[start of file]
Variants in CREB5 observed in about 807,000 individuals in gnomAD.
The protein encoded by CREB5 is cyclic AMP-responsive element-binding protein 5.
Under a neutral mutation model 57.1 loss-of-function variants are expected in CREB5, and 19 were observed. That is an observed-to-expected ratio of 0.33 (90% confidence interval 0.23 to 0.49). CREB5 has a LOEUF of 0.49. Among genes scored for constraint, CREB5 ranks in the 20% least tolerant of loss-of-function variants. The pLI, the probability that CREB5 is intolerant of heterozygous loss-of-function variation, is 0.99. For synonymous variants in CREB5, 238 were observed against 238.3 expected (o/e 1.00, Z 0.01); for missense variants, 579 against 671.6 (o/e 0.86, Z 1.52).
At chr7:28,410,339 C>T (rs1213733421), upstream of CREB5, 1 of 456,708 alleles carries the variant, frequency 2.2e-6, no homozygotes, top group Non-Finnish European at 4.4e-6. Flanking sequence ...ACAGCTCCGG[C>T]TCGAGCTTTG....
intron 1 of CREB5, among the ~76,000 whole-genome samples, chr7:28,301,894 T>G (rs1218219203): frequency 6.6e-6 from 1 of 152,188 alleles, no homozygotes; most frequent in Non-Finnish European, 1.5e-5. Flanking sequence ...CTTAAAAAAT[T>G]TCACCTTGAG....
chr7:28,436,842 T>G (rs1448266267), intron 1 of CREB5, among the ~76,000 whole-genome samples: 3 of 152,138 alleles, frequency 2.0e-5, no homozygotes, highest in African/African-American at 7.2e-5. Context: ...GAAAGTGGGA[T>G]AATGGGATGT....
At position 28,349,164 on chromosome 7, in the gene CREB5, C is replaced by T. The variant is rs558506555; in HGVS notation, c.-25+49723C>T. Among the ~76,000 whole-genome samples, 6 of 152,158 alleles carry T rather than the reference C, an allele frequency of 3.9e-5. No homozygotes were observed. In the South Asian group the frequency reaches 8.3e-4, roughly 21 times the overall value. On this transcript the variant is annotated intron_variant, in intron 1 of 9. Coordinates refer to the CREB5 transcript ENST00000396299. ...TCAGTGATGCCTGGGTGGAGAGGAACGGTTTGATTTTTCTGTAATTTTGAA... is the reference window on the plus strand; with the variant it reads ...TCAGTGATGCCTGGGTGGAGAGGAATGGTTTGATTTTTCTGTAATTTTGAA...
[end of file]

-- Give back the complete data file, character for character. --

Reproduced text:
Variants in CREB5 observed in about 807,000 individuals in gnomAD.
The protein encoded by CREB5 is cyclic AMP-responsive element-binding protein 5.
Under a neutral mutation model 57.1 loss-of-function variants are expected in CREB5, and 19 were observed. That is an observed-to-expected ratio of 0.33 (90% confidence interval 0.23 to 0.49). CREB5 has a LOEUF of 0.49. Among genes scored for constraint, CREB5 ranks in the 20% least tolerant of loss-of-function variants. The pLI, the probability that CREB5 is intolerant of heterozygous loss-of-function variation, is 0.99. For synonymous variants in CREB5, 238 were observed against 238.3 expected (o/e 1.00, Z 0.01); for missense variants, 579 against 671.6 (o/e 0.86, Z 1.52).
At chr7:28,410,339 C>T (rs1213733421), upstream of CREB5, 1 of 456,708 alleles carries the variant, frequency 2.2e-6, no homozygotes, top group Non-Finnish European at 4.4e-6. Flanking sequence ...ACAGCTCCGG[C>T]TCGAGCTTTG....
intron 1 of CREB5, among the ~76,000 whole-genome samples, chr7:28,301,894 T>G (rs1218219203): frequency 6.6e-6 from 1 of 152,188 alleles, no homozygotes; most frequent in Non-Finnish European, 1.5e-5. Flanking sequence ...CTTAAAAAAT[T>G]TCACCTTGAG....
chr7:28,436,842 T>G (rs1448266267), intron 1 of CREB5, among the ~76,000 whole-genome samples: 3 of 152,138 alleles, frequency 2.0e-5, no homozygotes, highest in African/African-American at 7.2e-5. Context: ...GAAAGTGGGA[T>G]AATGGGATGT....
At position 28,349,164 on chromosome 7, in the gene CREB5, C is replaced by T. The variant is rs558506555; in HGVS notation, c.-25+49723C>T. Among the ~76,000 whole-genome samples, 6 of 152,158 alleles carry T rather than the reference C, an allele frequency of 3.9e-5. No homozygotes were observed. In the South Asian group the frequency reaches 8.3e-4, roughly 21 times the overall value. On this transcript the variant is annotated intron_variant, in intron 1 of 9. Coordinates refer to the CREB5 transcript ENST00000396299. ...TCAGTGATGCCTGGGTGGAGAGGAACGGTTTGATTTTTCTGTAATTTTGAA... is the reference window on the plus strand; with the variant it reads ...TCAGTGATGCCTGGGTGGAGAGGAATGGTTTGATTTTTCTGTAATTTTGAA...